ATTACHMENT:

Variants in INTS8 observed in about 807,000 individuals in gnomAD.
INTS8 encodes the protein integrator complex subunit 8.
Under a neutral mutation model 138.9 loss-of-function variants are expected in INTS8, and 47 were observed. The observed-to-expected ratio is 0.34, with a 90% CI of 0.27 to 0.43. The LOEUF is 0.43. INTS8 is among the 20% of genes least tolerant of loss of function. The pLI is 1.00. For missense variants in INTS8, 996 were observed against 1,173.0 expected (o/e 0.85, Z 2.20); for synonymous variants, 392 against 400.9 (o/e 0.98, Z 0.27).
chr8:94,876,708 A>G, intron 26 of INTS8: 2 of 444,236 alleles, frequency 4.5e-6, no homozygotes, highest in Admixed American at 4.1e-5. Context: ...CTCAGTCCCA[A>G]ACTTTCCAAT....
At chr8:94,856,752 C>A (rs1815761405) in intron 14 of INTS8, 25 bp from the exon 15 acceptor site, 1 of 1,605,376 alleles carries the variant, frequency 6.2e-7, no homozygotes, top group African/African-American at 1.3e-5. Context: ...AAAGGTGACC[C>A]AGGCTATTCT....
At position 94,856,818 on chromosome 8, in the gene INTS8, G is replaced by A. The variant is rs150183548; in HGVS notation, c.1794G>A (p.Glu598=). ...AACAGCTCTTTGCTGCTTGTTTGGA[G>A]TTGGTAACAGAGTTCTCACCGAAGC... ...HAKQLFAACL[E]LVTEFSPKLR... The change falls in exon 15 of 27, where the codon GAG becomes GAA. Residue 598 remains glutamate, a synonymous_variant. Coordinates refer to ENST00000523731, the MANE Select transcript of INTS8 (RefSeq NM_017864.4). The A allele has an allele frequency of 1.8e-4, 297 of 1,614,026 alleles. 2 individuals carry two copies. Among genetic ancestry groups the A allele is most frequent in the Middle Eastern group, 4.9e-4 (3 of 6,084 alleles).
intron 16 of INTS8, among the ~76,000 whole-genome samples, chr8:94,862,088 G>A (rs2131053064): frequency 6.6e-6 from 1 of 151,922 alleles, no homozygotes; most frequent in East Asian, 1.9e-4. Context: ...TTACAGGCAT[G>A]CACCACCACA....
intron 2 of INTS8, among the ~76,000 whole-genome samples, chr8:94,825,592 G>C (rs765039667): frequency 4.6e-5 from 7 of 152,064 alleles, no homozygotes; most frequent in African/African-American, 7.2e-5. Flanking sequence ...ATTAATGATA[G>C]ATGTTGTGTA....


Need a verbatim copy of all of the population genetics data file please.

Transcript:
Variants in INTS8 observed in about 807,000 individuals in gnomAD.
INTS8 encodes the protein integrator complex subunit 8.
Under a neutral mutation model 138.9 loss-of-function variants are expected in INTS8, and 47 were observed. The observed-to-expected ratio is 0.34, with a 90% CI of 0.27 to 0.43. The LOEUF is 0.43. INTS8 is among the 20% of genes least tolerant of loss of function. The pLI is 1.00. For missense variants in INTS8, 996 were observed against 1,173.0 expected (o/e 0.85, Z 2.20); for synonymous variants, 392 against 400.9 (o/e 0.98, Z 0.27).
chr8:94,876,708 A>G, intron 26 of INTS8: 2 of 444,236 alleles, frequency 4.5e-6, no homozygotes, highest in Admixed American at 4.1e-5. Context: ...CTCAGTCCCA[A>G]ACTTTCCAAT....
At chr8:94,856,752 C>A (rs1815761405) in intron 14 of INTS8, 25 bp from the exon 15 acceptor site, 1 of 1,605,376 alleles carries the variant, frequency 6.2e-7, no homozygotes, top group African/African-American at 1.3e-5. Context: ...AAAGGTGACC[C>A]AGGCTATTCT....
At position 94,856,818 on chromosome 8, in the gene INTS8, G is replaced by A. The variant is rs150183548; in HGVS notation, c.1794G>A (p.Glu598=). ...AACAGCTCTTTGCTGCTTGTTTGGA[G>A]TTGGTAACAGAGTTCTCACCGAAGC... ...HAKQLFAACL[E]LVTEFSPKLR... The change falls in exon 15 of 27, where the codon GAG becomes GAA. Residue 598 remains glutamate, a synonymous_variant. Coordinates refer to ENST00000523731, the MANE Select transcript of INTS8 (RefSeq NM_017864.4). The A allele has an allele frequency of 1.8e-4, 297 of 1,614,026 alleles. 2 individuals carry two copies. Among genetic ancestry groups the A allele is most frequent in the Middle Eastern group, 4.9e-4 (3 of 6,084 alleles).
intron 16 of INTS8, among the ~76,000 whole-genome samples, chr8:94,862,088 G>A (rs2131053064): frequency 6.6e-6 from 1 of 151,922 alleles, no homozygotes; most frequent in East Asian, 1.9e-4. Context: ...TTACAGGCAT[G>A]CACCACCACA....
intron 2 of INTS8, among the ~76,000 whole-genome samples, chr8:94,825,592 G>C (rs765039667): frequency 4.6e-5 from 7 of 152,064 alleles, no homozygotes; most frequent in African/African-American, 7.2e-5. Flanking sequence ...ATTAATGATA[G>C]ATGTTGTGTA....